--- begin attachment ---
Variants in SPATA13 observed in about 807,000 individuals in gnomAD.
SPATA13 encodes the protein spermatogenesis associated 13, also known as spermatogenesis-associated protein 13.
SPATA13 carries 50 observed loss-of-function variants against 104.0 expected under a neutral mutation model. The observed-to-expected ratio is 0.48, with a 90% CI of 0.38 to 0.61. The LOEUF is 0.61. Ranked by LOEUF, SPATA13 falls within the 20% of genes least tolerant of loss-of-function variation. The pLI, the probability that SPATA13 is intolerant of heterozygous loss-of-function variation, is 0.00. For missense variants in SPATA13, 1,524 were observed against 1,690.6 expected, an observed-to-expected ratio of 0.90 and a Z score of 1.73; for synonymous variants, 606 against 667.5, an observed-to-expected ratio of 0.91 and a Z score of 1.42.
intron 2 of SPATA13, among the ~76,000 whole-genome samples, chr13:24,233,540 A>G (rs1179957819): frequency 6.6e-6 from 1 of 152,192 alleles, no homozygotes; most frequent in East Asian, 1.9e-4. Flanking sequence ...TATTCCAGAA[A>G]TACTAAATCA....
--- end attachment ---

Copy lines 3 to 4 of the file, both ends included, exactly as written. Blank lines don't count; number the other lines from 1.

SPATA13 carries 50 observed loss-of-function variants against 104.0 expected under a neutral mutation model. The observed-to-expected ratio is 0.48, with a 90% CI of 0.38 to 0.61. The LOEUF is 0.61. Ranked by LOEUF, SPATA13 falls within the 20% of genes least tolerant of loss-of-function variation. The pLI, the probability that SPATA13 is intolerant of heterozygous loss-of-function variation, is 0.00. For missense variants in SPATA13, 1,524 were observed against 1,690.6 expected, an observed-to-expected ratio of 0.90 and a Z score of 1.73; for synonymous variants, 606 against 667.5, an observed-to-expected ratio of 0.91 and a Z score of 1.42.
intron 2 of SPATA13, among the ~76,000 whole-genome samples, chr13:24,233,540 A>G (rs1179957819): frequency 6.6e-6 from 1 of 152,192 alleles, no homozygotes; most frequent in East Asian, 1.9e-4. Flanking sequence ...TATTCCAGAA[A>G]TACTAAATCA....